How young is too young to sing Lee Greenwood's patriotic anthem 'Proud to Be an American'? According to PS90 principal Greta Hawkins, the country classic is not "age appropriate" to be performed during the Brooklyn, N.Y. elementary school's kindergarten graduation. 

So what, exactly, about the song does Hawkins deem inappropriate for 5-year-olds? A Department of Education spokeswoman explains that the song's opening verse, “If tomorrow all the things were gone I’d worked for all my life. And I had to start again with just my children and my wife,” is one line not sitting well with the principal.

“It’s her judgment to make that decision,” says City Schools Chancellor Dennis Walcott, defending Hawkins' decision to pull the patriotic anthem (quote via NY Post). “It’s important to reinforce that they start out the morning every day of the school year with the Pledge of Allegiance and ‘America the Beautiful,’ and that, to me, is what this country is about, and they celebrate that, and that’s how we should start our day."

But Lee Greenwood, who penned and first sang the song back in 1984, thinks the discussion surrounding 'God Bless the USA' is a bit ridiculous -- and it offends him personally.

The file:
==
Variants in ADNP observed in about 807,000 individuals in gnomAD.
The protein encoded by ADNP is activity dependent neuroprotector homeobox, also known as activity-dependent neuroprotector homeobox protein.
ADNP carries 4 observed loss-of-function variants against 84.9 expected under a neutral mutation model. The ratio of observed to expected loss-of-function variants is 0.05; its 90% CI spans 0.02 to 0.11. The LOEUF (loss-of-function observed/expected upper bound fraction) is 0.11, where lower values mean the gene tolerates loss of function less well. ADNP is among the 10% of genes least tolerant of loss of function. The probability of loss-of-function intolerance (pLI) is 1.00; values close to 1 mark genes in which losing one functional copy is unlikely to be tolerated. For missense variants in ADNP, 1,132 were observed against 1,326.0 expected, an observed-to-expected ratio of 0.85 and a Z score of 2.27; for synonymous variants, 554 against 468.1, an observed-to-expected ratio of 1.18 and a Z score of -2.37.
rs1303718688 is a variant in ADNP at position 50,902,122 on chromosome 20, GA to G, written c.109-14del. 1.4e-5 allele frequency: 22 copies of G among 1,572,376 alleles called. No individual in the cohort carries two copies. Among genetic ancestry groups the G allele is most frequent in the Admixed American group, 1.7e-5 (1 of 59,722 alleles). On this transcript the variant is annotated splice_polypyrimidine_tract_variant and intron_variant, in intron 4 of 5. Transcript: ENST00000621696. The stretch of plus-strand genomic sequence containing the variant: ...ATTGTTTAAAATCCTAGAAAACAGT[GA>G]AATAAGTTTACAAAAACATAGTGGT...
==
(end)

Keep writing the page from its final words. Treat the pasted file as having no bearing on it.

"I wrote 'God Bless the USA' about the love I have for this country and the struggle we have gone through to remain free," Greenwood responded (quote via Webster & Associates PR). "Our country was founded on the principle that it welcomes all cultures and gives them the same rights we have has citizens. However, I feel compelled to echo the faith or our forefathers who all believed in God and a respect of a higher authority."

He adds, "Personally, denying the children of PS90 to sing 'God Bless the USA' offends me as a Christian. My song is about hope, faith, spirit and pride. How could that be wrong on any level?"

Walcott, on the other hand, questions the song's content in relation to the current situation -- a kindergarten graduation. "You have to really wonder about some of the lyrics in the song," says the school district authority. "So I have to rely on the principal’s judgment along that line.”

Staffers at the school quoted Hawkins as saying, “We don’t want to offend other cultures.”

Still on the playlist for the big event, however, is the Justin Bieber smash hit 'Baby' -- a breezy pop song which talks about losing teenage love.

“If the Department of Education has any brains they should remove her tomorrow,’’ one angry anonymous staffer said in a posting, referring to the principal. “We were the victims of 9/11. It hit New York really hard. That song became famous because of that tragedy. Removing that song is horrific. It’s opening the wound again.”

Hawkins has yet to issue any further statements following the now national coverage.